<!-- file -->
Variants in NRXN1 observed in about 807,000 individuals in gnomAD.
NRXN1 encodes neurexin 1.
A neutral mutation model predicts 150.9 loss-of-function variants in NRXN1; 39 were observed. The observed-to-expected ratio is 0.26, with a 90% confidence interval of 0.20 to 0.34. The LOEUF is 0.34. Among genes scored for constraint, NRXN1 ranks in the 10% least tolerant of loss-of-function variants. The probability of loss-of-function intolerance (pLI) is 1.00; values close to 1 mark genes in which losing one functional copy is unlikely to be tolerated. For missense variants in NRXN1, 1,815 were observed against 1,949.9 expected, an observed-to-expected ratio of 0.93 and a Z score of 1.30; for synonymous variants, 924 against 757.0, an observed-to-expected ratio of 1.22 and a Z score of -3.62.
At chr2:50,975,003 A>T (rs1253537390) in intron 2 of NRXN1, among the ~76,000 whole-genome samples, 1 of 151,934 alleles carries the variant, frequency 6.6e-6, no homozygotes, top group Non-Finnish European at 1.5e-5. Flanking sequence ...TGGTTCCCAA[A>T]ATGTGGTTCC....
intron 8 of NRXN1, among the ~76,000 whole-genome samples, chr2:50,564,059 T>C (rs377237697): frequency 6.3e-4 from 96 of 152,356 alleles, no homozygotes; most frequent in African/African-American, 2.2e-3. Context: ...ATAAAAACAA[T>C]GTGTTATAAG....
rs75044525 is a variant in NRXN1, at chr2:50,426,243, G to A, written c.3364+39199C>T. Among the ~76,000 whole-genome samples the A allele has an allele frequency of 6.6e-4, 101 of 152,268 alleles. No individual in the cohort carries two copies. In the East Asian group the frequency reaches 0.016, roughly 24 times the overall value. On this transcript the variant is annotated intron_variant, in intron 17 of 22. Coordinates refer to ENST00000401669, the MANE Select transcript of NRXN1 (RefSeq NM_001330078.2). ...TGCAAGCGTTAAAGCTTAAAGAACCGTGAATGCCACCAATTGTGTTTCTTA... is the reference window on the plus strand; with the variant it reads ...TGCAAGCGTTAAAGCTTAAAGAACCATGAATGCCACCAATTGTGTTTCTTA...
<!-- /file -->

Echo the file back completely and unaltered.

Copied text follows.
Variants in NRXN1 observed in about 807,000 individuals in gnomAD.
NRXN1 encodes neurexin 1.
A neutral mutation model predicts 150.9 loss-of-function variants in NRXN1; 39 were observed. The observed-to-expected ratio is 0.26, with a 90% confidence interval of 0.20 to 0.34. The LOEUF is 0.34. Among genes scored for constraint, NRXN1 ranks in the 10% least tolerant of loss-of-function variants. The probability of loss-of-function intolerance (pLI) is 1.00; values close to 1 mark genes in which losing one functional copy is unlikely to be tolerated. For missense variants in NRXN1, 1,815 were observed against 1,949.9 expected, an observed-to-expected ratio of 0.93 and a Z score of 1.30; for synonymous variants, 924 against 757.0, an observed-to-expected ratio of 1.22 and a Z score of -3.62.
At chr2:50,975,003 A>T (rs1253537390) in intron 2 of NRXN1, among the ~76,000 whole-genome samples, 1 of 151,934 alleles carries the variant, frequency 6.6e-6, no homozygotes, top group Non-Finnish European at 1.5e-5. Flanking sequence ...TGGTTCCCAA[A>T]ATGTGGTTCC....
intron 8 of NRXN1, among the ~76,000 whole-genome samples, chr2:50,564,059 T>C (rs377237697): frequency 6.3e-4 from 96 of 152,356 alleles, no homozygotes; most frequent in African/African-American, 2.2e-3. Context: ...ATAAAAACAA[T>C]GTGTTATAAG....
rs75044525 is a variant in NRXN1, at chr2:50,426,243, G to A, written c.3364+39199C>T. Among the ~76,000 whole-genome samples the A allele has an allele frequency of 6.6e-4, 101 of 152,268 alleles. No individual in the cohort carries two copies. In the East Asian group the frequency reaches 0.016, roughly 24 times the overall value. On this transcript the variant is annotated intron_variant, in intron 17 of 22. Coordinates refer to ENST00000401669, the MANE Select transcript of NRXN1 (RefSeq NM_001330078.2). ...TGCAAGCGTTAAAGCTTAAAGAACCGTGAATGCCACCAATTGTGTTTCTTA... is the reference window on the plus strand; with the variant it reads ...TGCAAGCGTTAAAGCTTAAAGAACCATGAATGCCACCAATTGTGTTTCTTA...